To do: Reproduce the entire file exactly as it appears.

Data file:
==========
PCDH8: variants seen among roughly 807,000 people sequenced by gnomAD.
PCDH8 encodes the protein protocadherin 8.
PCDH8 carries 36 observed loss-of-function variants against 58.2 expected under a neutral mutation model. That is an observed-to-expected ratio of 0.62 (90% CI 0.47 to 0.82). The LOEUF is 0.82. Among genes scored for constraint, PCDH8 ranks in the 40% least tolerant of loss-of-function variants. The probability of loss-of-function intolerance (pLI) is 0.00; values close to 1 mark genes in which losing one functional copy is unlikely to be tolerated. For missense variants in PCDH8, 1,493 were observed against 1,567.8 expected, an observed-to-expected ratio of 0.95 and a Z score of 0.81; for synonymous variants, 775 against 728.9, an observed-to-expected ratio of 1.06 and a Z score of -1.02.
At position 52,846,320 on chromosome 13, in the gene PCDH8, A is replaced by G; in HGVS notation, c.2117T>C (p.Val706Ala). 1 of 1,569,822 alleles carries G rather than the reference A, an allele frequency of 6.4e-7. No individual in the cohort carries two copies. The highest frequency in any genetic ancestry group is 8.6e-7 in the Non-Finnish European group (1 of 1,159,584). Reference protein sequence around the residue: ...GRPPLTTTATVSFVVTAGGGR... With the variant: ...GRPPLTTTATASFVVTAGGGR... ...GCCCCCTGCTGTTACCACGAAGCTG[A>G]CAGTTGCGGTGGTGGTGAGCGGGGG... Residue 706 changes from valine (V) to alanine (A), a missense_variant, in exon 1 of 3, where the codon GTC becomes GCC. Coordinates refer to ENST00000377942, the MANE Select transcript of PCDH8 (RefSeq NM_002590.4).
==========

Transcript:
PCDH8: variants seen among roughly 807,000 people sequenced by gnomAD.
PCDH8 encodes the protein protocadherin 8.
PCDH8 carries 36 observed loss-of-function variants against 58.2 expected under a neutral mutation model. That is an observed-to-expected ratio of 0.62 (90% CI 0.47 to 0.82). The LOEUF is 0.82. Among genes scored for constraint, PCDH8 ranks in the 40% least tolerant of loss-of-function variants. The probability of loss-of-function intolerance (pLI) is 0.00; values close to 1 mark genes in which losing one functional copy is unlikely to be tolerated. For missense variants in PCDH8, 1,493 were observed against 1,567.8 expected, an observed-to-expected ratio of 0.95 and a Z score of 0.81; for synonymous variants, 775 against 728.9, an observed-to-expected ratio of 1.06 and a Z score of -1.02.
At position 52,846,320 on chromosome 13, in the gene PCDH8, A is replaced by G; in HGVS notation, c.2117T>C (p.Val706Ala). 1 of 1,569,822 alleles carries G rather than the reference A, an allele frequency of 6.4e-7. No individual in the cohort carries two copies. The highest frequency in any genetic ancestry group is 8.6e-7 in the Non-Finnish European group (1 of 1,159,584). Reference protein sequence around the residue: ...GRPPLTTTATVSFVVTAGGGR... With the variant: ...GRPPLTTTATASFVVTAGGGR... ...GCCCCCTGCTGTTACCACGAAGCTG[A>G]CAGTTGCGGTGGTGGTGAGCGGGGG... Residue 706 changes from valine (V) to alanine (A), a missense_variant, in exon 1 of 3, where the codon GTC becomes GCC. Coordinates refer to ENST00000377942, the MANE Select transcript of PCDH8 (RefSeq NM_002590.4).